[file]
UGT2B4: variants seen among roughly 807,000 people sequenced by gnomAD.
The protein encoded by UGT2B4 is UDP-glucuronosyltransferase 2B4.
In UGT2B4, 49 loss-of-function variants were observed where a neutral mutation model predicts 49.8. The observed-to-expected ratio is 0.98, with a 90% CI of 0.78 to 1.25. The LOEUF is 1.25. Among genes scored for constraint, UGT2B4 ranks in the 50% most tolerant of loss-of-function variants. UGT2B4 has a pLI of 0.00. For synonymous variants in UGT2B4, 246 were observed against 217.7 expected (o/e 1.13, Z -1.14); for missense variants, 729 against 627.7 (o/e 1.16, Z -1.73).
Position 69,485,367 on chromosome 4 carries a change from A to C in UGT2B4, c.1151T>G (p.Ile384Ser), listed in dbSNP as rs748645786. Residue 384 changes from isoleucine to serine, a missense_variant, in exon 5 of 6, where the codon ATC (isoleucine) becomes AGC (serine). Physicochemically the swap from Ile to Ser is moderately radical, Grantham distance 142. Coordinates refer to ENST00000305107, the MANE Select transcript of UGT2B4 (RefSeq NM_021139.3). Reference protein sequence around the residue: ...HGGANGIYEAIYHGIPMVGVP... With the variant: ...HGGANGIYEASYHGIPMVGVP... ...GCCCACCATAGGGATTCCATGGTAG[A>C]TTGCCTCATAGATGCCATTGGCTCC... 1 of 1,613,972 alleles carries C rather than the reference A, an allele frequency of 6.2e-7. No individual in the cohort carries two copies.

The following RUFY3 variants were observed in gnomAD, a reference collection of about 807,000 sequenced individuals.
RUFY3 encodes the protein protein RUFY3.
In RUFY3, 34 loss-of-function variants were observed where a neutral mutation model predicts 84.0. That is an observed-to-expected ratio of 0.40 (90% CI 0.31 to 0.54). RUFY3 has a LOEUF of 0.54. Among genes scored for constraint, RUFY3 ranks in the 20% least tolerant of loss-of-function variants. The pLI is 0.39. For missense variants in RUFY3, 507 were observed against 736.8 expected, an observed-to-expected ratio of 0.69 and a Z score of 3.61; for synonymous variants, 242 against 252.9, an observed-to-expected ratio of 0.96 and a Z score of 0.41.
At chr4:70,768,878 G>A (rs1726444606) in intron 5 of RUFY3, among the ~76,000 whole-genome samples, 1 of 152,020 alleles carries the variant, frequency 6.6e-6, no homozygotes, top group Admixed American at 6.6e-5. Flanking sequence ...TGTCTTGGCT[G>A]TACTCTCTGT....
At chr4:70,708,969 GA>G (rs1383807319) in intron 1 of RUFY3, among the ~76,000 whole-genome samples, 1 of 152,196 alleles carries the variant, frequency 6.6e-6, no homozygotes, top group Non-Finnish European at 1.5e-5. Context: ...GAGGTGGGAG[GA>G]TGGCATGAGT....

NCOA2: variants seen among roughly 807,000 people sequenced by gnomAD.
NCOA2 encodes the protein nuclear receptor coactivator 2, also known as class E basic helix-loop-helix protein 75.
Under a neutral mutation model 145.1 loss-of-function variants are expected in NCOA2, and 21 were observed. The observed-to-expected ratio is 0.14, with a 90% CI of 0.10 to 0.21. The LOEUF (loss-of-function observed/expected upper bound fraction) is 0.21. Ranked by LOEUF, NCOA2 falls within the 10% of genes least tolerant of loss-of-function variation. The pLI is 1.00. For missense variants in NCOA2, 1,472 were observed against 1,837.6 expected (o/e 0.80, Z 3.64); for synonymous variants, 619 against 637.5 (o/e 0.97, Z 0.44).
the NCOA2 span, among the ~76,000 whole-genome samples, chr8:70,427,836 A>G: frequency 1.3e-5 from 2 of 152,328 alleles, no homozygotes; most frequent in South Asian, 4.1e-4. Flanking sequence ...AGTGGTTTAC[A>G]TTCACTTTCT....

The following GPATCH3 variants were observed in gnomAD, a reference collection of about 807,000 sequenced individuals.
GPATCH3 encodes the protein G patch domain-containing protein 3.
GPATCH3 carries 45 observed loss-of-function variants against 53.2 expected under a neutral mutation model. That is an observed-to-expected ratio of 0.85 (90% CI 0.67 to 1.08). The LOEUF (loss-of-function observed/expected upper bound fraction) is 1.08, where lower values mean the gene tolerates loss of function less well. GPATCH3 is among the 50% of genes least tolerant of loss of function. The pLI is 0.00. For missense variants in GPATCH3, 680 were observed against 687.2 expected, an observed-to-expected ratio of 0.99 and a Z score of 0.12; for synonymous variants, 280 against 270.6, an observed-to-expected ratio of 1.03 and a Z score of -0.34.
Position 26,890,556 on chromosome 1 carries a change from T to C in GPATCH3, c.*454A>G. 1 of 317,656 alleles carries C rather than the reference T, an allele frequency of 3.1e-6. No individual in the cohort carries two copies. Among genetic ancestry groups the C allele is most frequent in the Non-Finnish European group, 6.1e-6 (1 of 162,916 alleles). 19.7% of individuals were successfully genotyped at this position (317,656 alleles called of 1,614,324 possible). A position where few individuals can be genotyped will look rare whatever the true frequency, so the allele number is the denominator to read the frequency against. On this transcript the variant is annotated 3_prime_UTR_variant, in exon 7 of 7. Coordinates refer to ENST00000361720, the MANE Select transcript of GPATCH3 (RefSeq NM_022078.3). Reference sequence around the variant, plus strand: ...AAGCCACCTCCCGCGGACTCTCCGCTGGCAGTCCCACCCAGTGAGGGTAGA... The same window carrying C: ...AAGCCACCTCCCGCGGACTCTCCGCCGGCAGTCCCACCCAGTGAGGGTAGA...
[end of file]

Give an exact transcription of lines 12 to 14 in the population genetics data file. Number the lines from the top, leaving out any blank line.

Under a neutral mutation model 145.1 loss-of-function variants are expected in NCOA2, and 21 were observed. The observed-to-expected ratio is 0.14, with a 90% CI of 0.10 to 0.21. The LOEUF (loss-of-function observed/expected upper bound fraction) is 0.21. Ranked by LOEUF, NCOA2 falls within the 10% of genes least tolerant of loss-of-function variation. The pLI is 1.00. For missense variants in NCOA2, 1,472 were observed against 1,837.6 expected (o/e 0.80, Z 3.64); for synonymous variants, 619 against 637.5 (o/e 0.97, Z 0.44).
the NCOA2 span, among the ~76,000 whole-genome samples, chr8:70,427,836 A>G: frequency 1.3e-5 from 2 of 152,328 alleles, no homozygotes; most frequent in South Asian, 4.1e-4. Flanking sequence ...AGTGGTTTAC[A>G]TTCACTTTCT....

The following GPATCH3 variants were observed in gnomAD, a reference collection of about 807,000 sequenced individuals.